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Tell us a little about your India connect.
I was born in New Delhi and spent my growing up years there until the age of 13, living at different points of time in the cities of Mysore, Chennai and New Delhi.
My family moved to Ireland in 2006, and my high school years were in Dublin. I then moved to Glasgow, to do a bachelor's in jazz at the Royal Conservatoire of Scotland from 2010-2014. Post my graduation, I based myself in India for two years to consolidate my Indian Classical training with my guru Ustad Wasifuddin Dagar before heading to Boston, USA, to pursue a Masters in Contemporary Improvisation at New England Conservatory of Music and ultimately moving to New York where I've been living since 2018 to work on several music projects.
Despite having lived outside of India for most of my life, my links with the country have always been very deep. My parents are both Indian nationals, and I believe that my music genes came from my maternal grandmother and her side of the family that hails from Allahabad, UP and has an extensive history of being steeped in Indian Classical music and dance forms.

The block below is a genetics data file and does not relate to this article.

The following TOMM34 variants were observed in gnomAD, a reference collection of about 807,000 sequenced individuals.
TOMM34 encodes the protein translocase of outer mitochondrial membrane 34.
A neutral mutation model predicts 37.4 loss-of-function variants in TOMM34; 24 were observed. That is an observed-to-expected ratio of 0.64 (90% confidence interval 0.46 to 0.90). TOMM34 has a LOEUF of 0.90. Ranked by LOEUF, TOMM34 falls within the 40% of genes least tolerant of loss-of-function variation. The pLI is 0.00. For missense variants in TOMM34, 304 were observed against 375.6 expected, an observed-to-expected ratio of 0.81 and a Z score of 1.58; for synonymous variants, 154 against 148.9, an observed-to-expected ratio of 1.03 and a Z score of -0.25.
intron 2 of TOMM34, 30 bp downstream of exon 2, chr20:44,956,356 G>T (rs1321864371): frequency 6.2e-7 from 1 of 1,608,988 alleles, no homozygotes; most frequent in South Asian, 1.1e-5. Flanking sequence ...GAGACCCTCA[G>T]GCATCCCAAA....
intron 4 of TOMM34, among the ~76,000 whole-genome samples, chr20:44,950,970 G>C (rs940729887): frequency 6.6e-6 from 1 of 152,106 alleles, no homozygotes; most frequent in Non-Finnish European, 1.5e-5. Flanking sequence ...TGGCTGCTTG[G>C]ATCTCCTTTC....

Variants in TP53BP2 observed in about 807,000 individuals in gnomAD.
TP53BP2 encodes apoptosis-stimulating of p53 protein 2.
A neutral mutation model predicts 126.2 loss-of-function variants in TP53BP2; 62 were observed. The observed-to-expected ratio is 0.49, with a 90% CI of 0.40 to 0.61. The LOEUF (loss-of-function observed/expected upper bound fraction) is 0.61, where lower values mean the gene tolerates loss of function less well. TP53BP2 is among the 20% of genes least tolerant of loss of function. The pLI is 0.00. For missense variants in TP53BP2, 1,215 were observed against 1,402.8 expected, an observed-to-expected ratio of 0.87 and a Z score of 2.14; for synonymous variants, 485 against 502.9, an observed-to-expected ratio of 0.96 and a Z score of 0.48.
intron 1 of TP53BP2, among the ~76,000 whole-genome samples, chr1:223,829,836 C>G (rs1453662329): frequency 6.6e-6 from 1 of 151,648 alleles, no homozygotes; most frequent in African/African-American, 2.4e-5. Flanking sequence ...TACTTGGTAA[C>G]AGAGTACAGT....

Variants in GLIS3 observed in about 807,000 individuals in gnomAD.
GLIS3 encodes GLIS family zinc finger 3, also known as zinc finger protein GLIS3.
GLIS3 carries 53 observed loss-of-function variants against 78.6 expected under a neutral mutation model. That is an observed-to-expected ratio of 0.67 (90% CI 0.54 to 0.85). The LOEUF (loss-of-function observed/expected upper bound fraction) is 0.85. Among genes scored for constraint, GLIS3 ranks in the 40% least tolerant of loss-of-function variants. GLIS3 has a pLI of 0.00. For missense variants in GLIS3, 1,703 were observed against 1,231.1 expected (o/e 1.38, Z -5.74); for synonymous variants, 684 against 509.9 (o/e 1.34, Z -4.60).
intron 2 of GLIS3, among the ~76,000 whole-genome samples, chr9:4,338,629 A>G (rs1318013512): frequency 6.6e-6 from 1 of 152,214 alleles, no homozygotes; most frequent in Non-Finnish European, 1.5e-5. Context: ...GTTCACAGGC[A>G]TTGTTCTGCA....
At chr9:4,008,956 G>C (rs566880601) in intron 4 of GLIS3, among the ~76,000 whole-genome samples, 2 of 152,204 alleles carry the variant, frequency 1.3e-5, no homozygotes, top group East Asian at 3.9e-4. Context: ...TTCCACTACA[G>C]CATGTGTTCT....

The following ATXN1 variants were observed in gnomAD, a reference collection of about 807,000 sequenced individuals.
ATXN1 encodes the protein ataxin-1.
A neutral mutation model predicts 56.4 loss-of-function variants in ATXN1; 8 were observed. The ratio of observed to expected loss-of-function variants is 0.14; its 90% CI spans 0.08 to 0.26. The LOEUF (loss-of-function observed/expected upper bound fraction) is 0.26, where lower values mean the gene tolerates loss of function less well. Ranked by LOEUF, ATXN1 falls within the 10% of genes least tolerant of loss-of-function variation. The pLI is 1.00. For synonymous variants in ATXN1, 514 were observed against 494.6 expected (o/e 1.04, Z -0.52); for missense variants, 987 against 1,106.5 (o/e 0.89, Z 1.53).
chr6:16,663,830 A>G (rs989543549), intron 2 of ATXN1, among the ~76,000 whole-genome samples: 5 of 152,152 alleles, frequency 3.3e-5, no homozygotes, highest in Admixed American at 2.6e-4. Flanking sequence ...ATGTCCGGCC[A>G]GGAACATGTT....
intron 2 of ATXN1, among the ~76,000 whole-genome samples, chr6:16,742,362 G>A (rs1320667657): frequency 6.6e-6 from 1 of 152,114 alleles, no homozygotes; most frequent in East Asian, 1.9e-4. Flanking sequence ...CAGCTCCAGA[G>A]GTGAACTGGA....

Please give us an overview of your life and career.
My music career began at the age of 9, and it's been nearly two decades of working to adapt the sounds of ragas on the piano. I have performed solo concerts of my music all over the world and at several festivals and cultural events. To understand the full potential of the piano, I trained in diverse genres of music -Western Classical, Indian Classical, Jazz, Scottish, Irish and Contemporary Improvisation. Additionally, having lived for over 9 years in Ireland & Scotland exposed me to the wealth of Celtic and the chance to work/ learn from so many fantastic international musicians, all of which has been the key to laying a solid musical foundation during my formative years.